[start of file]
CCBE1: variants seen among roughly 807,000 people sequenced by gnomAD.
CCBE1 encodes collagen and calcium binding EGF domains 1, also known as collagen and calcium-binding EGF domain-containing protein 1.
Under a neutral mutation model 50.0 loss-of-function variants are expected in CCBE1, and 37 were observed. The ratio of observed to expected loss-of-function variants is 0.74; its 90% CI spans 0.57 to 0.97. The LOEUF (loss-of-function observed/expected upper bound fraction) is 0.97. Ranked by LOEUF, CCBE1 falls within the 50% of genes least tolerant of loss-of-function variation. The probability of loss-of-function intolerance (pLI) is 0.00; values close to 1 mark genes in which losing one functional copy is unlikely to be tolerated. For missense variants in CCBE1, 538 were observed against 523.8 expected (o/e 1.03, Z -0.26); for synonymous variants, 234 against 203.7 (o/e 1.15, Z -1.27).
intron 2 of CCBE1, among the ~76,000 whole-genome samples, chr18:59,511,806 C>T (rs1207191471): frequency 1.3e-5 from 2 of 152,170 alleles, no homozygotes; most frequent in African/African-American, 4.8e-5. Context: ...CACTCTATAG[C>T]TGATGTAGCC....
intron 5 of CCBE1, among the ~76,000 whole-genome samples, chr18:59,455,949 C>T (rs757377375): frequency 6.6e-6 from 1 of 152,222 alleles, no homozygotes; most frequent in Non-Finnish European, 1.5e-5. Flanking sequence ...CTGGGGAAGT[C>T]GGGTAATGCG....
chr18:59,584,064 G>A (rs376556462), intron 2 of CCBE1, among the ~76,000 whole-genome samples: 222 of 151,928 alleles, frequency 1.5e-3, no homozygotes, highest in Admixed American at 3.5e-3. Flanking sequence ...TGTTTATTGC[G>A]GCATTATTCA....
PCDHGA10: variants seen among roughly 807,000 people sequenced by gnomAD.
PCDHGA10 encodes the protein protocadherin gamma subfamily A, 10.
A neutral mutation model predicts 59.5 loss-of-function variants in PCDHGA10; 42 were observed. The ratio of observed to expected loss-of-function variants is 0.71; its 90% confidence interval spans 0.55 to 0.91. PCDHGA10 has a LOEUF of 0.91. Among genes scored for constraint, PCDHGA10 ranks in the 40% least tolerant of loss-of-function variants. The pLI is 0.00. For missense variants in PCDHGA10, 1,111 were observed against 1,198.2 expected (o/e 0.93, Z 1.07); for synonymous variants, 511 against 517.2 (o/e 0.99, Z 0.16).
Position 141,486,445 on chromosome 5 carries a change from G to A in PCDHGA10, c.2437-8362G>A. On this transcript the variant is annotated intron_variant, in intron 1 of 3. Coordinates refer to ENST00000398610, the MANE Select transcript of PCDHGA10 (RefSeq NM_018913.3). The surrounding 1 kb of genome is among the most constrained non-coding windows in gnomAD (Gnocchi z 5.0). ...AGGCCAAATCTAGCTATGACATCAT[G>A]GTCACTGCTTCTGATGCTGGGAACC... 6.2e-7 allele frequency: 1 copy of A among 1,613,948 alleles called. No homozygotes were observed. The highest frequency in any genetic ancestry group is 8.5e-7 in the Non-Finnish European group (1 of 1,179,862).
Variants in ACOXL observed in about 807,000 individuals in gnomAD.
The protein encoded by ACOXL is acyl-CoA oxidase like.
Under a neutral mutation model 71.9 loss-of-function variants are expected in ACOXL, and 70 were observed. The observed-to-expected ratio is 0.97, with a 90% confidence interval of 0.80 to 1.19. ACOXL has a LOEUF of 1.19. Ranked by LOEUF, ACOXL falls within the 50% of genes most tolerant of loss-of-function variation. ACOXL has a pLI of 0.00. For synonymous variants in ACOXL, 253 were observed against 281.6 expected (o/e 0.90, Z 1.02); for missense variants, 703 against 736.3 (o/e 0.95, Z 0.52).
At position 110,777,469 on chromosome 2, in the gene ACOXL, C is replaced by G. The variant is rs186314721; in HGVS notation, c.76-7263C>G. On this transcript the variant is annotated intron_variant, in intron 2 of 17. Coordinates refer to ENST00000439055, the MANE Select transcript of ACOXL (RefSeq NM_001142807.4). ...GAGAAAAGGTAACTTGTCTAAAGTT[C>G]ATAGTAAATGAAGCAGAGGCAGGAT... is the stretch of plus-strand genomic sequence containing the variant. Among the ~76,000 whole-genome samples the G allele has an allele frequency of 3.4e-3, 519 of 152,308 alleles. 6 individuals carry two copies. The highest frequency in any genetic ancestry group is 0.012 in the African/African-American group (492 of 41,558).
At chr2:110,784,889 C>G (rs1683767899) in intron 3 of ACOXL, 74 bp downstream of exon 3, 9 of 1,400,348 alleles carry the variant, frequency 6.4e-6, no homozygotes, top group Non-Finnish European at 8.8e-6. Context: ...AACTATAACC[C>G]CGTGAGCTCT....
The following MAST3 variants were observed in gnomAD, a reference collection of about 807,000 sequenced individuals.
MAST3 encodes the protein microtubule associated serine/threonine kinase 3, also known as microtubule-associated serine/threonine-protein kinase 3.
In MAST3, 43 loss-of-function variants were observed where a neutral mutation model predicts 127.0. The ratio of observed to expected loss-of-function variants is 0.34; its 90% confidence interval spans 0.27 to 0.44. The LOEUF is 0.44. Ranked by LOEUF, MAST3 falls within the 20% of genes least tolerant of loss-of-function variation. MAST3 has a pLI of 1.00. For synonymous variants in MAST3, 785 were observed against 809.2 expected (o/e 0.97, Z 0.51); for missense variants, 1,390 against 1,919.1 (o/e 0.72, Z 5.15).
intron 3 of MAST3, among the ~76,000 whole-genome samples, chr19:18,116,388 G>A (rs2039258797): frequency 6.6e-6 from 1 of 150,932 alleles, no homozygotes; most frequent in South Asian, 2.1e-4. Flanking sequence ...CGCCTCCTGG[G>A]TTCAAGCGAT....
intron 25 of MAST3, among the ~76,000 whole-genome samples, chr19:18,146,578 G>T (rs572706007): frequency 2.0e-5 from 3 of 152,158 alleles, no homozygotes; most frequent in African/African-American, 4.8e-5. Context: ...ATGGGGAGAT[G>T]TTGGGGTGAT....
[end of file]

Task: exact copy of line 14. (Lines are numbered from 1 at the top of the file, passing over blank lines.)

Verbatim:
At position 110,777,469 on chromosome 2, in the gene ACOXL, C is replaced by G. The variant is rs186314721; in HGVS notation, c.76-7263C>G. On this transcript the variant is annotated intron_variant, in intron 2 of 17. Coordinates refer to ENST00000439055, the MANE Select transcript of ACOXL (RefSeq NM_001142807.4). ...GAGAAAAGGTAACTTGTCTAAAGTT[C>G]ATAGTAAATGAAGCAGAGGCAGGAT... is the stretch of plus-strand genomic sequence containing the variant. Among the ~76,000 whole-genome samples the G allele has an allele frequency of 3.4e-3, 519 of 152,308 alleles. 6 individuals carry two copies. The highest frequency in any genetic ancestry group is 0.012 in the African/African-American group (492 of 41,558).